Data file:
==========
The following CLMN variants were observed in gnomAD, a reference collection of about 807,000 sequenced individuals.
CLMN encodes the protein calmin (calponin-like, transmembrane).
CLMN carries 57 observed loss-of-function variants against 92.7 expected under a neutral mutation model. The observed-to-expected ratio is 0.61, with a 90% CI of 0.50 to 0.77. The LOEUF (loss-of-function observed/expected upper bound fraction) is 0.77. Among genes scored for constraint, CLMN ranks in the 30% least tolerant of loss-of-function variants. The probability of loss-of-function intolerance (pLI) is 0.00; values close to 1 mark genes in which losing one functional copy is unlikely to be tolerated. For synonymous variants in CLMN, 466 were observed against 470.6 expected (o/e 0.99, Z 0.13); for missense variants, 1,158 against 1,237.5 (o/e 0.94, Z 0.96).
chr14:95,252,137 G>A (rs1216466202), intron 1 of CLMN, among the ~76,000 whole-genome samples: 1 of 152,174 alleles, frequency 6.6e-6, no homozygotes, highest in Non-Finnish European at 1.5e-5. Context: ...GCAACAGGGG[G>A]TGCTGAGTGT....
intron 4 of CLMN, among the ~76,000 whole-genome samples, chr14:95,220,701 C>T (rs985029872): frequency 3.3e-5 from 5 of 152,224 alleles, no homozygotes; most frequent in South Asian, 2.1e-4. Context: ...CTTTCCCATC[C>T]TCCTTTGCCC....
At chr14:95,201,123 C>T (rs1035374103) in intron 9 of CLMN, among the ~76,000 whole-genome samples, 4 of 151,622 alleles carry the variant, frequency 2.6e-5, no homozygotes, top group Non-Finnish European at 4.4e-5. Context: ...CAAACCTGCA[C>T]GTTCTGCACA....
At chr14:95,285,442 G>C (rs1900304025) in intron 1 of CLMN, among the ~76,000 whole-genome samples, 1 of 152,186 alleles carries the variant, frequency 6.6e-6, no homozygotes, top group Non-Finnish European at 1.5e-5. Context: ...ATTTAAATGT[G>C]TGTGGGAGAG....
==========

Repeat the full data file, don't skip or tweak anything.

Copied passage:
The following CLMN variants were observed in gnomAD, a reference collection of about 807,000 sequenced individuals.
CLMN encodes the protein calmin (calponin-like, transmembrane).
CLMN carries 57 observed loss-of-function variants against 92.7 expected under a neutral mutation model. The observed-to-expected ratio is 0.61, with a 90% CI of 0.50 to 0.77. The LOEUF (loss-of-function observed/expected upper bound fraction) is 0.77. Among genes scored for constraint, CLMN ranks in the 30% least tolerant of loss-of-function variants. The probability of loss-of-function intolerance (pLI) is 0.00; values close to 1 mark genes in which losing one functional copy is unlikely to be tolerated. For synonymous variants in CLMN, 466 were observed against 470.6 expected (o/e 0.99, Z 0.13); for missense variants, 1,158 against 1,237.5 (o/e 0.94, Z 0.96).
chr14:95,252,137 G>A (rs1216466202), intron 1 of CLMN, among the ~76,000 whole-genome samples: 1 of 152,174 alleles, frequency 6.6e-6, no homozygotes, highest in Non-Finnish European at 1.5e-5. Context: ...GCAACAGGGG[G>A]TGCTGAGTGT....
intron 4 of CLMN, among the ~76,000 whole-genome samples, chr14:95,220,701 C>T (rs985029872): frequency 3.3e-5 from 5 of 152,224 alleles, no homozygotes; most frequent in South Asian, 2.1e-4. Context: ...CTTTCCCATC[C>T]TCCTTTGCCC....
At chr14:95,201,123 C>T (rs1035374103) in intron 9 of CLMN, among the ~76,000 whole-genome samples, 4 of 151,622 alleles carry the variant, frequency 2.6e-5, no homozygotes, top group Non-Finnish European at 4.4e-5. Context: ...CAAACCTGCA[C>T]GTTCTGCACA....
At chr14:95,285,442 G>C (rs1900304025) in intron 1 of CLMN, among the ~76,000 whole-genome samples, 1 of 152,186 alleles carries the variant, frequency 6.6e-6, no homozygotes, top group Non-Finnish European at 1.5e-5. Context: ...ATTTAAATGT[G>C]TGTGGGAGAG....